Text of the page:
King's hearing before the prison's DHO took place on August 14, 1996. Compl. ¶ 14. The hearing officer found King guilty of violating a condition of the community program and sanctioned him with the loss of 30 days of good time. Then, on October 16, 1996, prison officials released King from custody and gave him a certificate of parole stating that King was "PAROLED nunc pro tunc on July 14, 1996." King alleges that " [n]o explanation has been given plaintiff why he was given a Certificate of Parole stating that plaintiff was paroled on July 14, 1996 but only released on October 16, 1996, 'nunc pro tunc.'" Compl. ¶ 16.
On March 19, 1997, defendant moved to dismiss King's federal lawsuit on four grounds: absolute immunity, qualified immunity, King's failure to allege Simpson's personal involvement in the alleged violation of rights, and plaintiff's failure to properly serve Simpson. By a memorandum and order dated October 30, 1998, Judge Amon granted defendant's motion on absolute immunity grounds and dismissed King's complaint pursuant to Fed. R. Civ. P. 12(b) (6). Specifically, Judge Amon held that " [b]ecause the law in this circuit is that decisions made by parole board officials concerning the grant, denial, or revocation of parole are considered quasi-judicial, defendant here enjoys absolute immunity from this suit for money damages." King now appeals.
Appellate review of a grant of dismissal for failure to state a claim is de novo. See Bernheim v. Litt, 79 F.3d 318, 321 (2d Cir. 1996). The court may not dismiss a complaint under Fed. R. Civ. P. 12(b) (6) "unless it appears beyond doubt that the plaintiff can prove no set of facts in support of his claim which would entitle him to relief." Id. (internal quotation marks and citation omitted). In the course of our review, we accept as true all factual allegations in the complaint and draw all reasonable inferences in favor of plaintiff. See id. "The issue is not whether a plaintiff will ultimately prevail but whether the claimant is entitled to offer evidence to support the claims." Villager Pond, Inc. v. Town of Darien, 56 F.3d 375, 378 (2d Cir. 1995) (internal quotation marks omitted). With this generous standard in mind, we examine King's complaint.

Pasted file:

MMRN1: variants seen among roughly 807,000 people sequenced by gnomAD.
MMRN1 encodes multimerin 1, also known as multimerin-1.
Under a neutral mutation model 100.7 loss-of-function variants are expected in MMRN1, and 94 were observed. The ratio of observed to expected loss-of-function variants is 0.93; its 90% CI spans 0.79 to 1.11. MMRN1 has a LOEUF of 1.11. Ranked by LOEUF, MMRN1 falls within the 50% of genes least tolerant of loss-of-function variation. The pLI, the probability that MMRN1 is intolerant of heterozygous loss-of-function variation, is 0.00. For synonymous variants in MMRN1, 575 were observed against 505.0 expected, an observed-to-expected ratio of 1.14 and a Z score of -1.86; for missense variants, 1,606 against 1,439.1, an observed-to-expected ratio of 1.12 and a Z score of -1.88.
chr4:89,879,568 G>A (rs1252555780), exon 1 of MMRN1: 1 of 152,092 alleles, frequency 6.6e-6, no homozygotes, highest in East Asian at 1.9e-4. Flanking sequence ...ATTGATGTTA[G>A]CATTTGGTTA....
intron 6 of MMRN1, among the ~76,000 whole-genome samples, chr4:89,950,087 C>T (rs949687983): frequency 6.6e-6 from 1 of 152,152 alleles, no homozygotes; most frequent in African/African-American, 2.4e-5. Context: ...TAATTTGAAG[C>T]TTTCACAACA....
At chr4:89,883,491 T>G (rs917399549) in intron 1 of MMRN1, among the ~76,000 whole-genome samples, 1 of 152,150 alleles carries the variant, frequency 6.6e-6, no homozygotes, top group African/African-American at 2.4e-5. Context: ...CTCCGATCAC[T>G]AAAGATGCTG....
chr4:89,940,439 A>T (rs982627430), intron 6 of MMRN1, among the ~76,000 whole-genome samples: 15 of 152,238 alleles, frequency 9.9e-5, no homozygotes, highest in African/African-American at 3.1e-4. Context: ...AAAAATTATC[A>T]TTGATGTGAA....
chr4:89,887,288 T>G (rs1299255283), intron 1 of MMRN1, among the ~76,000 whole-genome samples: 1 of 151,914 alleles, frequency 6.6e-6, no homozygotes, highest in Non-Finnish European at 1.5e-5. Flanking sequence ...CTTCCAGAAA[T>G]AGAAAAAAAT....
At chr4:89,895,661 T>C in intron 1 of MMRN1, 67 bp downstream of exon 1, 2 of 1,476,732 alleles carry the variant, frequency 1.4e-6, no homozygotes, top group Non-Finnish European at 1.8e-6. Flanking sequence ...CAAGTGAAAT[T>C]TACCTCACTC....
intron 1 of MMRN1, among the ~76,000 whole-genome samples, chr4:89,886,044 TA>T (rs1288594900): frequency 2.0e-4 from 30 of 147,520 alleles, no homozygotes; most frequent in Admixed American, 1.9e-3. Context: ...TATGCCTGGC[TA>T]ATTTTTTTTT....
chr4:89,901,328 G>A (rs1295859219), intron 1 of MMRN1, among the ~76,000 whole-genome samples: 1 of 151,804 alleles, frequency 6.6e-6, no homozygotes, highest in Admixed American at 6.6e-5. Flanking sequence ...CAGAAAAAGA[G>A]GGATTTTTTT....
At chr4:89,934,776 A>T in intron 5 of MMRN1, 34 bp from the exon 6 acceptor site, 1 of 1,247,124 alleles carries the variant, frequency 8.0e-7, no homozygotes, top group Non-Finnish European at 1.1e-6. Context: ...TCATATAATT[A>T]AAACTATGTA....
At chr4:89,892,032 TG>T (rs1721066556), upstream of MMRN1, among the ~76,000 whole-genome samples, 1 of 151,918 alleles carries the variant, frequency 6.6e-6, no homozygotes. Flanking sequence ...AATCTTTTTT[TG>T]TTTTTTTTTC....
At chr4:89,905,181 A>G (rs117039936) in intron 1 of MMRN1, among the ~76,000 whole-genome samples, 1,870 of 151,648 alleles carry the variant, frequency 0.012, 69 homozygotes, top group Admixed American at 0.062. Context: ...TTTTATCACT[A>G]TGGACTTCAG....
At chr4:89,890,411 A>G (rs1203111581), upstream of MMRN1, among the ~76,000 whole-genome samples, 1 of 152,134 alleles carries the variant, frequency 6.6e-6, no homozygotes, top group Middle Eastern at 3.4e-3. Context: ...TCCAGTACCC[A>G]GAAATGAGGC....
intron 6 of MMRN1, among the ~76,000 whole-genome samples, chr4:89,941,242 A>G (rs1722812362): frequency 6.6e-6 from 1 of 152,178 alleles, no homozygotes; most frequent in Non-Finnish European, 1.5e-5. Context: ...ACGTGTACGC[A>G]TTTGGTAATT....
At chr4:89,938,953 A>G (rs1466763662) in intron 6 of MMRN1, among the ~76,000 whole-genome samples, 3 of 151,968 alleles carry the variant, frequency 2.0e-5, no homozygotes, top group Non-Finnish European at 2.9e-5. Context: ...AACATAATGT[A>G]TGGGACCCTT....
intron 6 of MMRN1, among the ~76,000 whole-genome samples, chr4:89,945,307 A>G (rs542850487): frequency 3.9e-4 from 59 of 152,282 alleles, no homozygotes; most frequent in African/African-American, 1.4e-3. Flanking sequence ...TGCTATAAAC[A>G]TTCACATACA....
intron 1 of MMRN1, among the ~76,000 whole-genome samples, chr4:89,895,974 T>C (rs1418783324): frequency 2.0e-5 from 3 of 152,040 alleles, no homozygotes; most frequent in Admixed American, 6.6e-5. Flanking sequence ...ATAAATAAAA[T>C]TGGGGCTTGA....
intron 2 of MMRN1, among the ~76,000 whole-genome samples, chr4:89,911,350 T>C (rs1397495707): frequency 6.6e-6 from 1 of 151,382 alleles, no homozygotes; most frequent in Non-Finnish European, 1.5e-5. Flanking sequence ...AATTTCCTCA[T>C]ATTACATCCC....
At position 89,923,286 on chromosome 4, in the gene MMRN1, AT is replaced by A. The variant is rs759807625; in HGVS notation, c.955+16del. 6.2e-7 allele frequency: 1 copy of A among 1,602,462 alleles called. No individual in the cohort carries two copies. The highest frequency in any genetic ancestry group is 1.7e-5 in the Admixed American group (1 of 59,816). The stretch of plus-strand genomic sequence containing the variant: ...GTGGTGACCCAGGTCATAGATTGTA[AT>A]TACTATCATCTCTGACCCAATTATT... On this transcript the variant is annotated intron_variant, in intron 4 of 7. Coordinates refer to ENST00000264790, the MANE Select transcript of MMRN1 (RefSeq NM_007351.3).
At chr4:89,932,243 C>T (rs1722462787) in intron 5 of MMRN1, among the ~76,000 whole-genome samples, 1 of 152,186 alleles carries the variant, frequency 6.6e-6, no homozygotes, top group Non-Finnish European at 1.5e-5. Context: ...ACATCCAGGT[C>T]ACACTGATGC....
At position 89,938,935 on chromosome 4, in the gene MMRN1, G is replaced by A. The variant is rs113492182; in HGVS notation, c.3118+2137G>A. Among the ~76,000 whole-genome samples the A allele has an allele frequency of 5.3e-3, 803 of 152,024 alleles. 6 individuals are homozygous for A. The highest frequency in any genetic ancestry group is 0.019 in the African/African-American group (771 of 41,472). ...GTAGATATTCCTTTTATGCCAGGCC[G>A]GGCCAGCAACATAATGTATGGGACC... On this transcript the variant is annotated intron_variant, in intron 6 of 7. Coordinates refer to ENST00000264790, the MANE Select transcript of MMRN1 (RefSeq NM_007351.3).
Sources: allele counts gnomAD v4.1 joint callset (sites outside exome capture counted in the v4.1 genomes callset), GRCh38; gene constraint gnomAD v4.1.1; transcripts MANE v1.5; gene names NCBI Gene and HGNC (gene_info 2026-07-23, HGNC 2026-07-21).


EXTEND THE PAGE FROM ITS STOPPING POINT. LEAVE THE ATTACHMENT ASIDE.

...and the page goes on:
In its motion to dismiss King's complaint, the government argued in the alternative that Simpson was entitled to either absolute or qualified immunity from suit. Judge Amon concluded that absolute immunity applied. However, at this stage of the proceedings, dismissal on either ground is premature absent additional development of the record.
We note that on this appeal, King does not dispute that he seeks monetary rather than injunctive relief. Rather, Kings argues that he did not intend for Simpson himself to pay damages. Although such a limitation would seem to obviate any absolute or qualified immunity defense, we have two difficulties with this argument. First, it is contrary to the complaint, which states that King is suing Simpson in both his individual and his official capacities. King is of course entitled to withdraw his damages claim against Simpson in his individual capacity, but we see no indication that he formally has done so. Second, if in fact King seeks to assert his damages claim against Simpson not in Simpson's individual capacity but only in his official capacity, then sovereign immunity likely would bar King's lawsuit because a suit against a federal employee in his official capacity is a suit against the government and Congress has not waived the government's sovereign immunity, for example under the Federal Tort Claims Act ("FTCA"), 28 U.S.C. §§ 1346(b), 2671, et seq., from lawsuits based on constitutional claims. See generally, 28 U.S.C. § 1346(b); FDIC v. Meyer, 510 U.S. 471, 477-78 (1994); Chen v. United States, 854 F.2d 622, 625-26 (2d Cir. 1988) (government's waiver of sovereign immunity under FTCA does not extend to claims based on "direct violations of the Federal Constitution . . . or of federal statutes or regulations standing alone").